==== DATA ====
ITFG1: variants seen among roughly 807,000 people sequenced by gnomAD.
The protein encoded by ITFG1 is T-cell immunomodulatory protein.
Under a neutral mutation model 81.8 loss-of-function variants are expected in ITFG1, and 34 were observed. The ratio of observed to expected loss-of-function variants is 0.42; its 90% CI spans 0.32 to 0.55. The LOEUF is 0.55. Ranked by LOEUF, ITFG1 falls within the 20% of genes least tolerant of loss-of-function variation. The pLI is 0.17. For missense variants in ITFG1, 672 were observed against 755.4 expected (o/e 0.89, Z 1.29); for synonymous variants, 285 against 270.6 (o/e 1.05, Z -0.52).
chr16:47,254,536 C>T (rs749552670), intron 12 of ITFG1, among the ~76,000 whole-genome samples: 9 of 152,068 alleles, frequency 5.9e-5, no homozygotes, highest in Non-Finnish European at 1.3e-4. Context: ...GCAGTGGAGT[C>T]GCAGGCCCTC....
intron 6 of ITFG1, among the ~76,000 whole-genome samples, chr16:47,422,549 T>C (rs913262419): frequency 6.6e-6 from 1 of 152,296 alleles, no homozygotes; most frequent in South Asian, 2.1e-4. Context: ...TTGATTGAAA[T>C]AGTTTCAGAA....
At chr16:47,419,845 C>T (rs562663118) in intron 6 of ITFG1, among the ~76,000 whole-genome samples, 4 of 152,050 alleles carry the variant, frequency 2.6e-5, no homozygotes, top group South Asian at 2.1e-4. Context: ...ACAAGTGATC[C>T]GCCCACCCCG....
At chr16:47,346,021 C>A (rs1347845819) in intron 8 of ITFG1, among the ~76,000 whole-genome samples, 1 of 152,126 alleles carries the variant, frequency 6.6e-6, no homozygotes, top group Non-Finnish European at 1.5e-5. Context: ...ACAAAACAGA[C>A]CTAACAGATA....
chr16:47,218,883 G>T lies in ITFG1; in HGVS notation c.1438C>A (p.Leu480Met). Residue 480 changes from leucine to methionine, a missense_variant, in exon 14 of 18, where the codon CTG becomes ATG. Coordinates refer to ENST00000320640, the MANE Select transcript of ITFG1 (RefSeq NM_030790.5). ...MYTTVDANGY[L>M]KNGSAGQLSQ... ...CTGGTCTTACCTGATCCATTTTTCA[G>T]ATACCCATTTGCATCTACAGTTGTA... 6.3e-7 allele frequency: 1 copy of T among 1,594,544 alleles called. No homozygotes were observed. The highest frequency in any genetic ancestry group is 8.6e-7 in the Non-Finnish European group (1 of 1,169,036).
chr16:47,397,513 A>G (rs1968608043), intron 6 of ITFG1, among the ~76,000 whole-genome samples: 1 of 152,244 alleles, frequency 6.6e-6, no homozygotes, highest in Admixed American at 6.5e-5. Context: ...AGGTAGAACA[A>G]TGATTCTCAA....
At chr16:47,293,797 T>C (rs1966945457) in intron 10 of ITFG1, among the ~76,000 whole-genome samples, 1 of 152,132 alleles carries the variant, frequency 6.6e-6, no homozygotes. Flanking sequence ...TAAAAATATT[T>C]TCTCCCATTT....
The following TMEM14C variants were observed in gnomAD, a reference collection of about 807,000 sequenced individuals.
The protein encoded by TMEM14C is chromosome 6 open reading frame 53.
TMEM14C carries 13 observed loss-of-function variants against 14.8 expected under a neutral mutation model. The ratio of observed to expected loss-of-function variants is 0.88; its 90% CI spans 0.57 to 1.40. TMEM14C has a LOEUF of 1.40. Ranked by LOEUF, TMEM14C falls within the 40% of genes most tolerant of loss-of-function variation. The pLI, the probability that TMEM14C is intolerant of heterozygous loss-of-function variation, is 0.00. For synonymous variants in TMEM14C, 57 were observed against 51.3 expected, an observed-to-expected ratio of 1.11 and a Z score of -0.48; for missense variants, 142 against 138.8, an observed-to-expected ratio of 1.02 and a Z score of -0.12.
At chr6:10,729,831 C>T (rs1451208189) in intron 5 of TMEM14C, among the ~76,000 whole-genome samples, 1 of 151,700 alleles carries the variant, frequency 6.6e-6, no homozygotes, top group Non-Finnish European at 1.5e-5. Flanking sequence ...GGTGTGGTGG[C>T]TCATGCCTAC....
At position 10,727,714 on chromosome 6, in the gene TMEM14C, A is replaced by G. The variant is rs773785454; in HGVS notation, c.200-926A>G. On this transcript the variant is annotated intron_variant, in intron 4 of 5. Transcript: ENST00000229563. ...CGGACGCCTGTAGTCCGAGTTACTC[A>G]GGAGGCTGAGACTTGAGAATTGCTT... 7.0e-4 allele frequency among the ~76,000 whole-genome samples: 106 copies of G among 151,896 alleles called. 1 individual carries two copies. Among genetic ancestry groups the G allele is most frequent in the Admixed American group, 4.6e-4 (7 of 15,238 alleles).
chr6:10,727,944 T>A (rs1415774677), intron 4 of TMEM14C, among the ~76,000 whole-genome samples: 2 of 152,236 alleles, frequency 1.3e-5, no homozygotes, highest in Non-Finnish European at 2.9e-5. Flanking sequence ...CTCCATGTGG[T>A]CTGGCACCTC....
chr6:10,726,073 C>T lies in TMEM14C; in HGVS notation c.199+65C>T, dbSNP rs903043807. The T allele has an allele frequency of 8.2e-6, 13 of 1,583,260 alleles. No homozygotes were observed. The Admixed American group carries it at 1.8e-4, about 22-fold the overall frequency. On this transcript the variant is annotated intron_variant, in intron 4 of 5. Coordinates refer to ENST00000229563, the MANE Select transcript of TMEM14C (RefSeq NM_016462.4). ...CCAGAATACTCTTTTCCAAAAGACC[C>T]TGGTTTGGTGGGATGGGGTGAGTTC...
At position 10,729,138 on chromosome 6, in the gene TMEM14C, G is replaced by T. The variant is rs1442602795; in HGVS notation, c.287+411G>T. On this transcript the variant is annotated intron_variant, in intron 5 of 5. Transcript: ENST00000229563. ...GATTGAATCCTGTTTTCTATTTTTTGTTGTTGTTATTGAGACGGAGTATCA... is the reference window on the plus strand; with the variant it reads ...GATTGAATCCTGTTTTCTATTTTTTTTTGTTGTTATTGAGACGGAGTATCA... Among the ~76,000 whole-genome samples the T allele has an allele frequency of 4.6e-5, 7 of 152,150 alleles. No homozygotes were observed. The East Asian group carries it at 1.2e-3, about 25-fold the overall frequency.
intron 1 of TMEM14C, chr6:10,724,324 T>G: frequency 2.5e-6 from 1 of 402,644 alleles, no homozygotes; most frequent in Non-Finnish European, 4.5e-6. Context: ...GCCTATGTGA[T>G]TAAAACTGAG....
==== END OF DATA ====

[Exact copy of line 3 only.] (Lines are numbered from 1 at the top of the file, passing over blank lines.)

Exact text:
Under a neutral mutation model 81.8 loss-of-function variants are expected in ITFG1, and 34 were observed. The ratio of observed to expected loss-of-function variants is 0.42; its 90% CI spans 0.32 to 0.55. The LOEUF is 0.55. Ranked by LOEUF, ITFG1 falls within the 20% of genes least tolerant of loss-of-function variation. The pLI is 0.17. For missense variants in ITFG1, 672 were observed against 755.4 expected (o/e 0.89, Z 1.29); for synonymous variants, 285 against 270.6 (o/e 1.05, Z -0.52).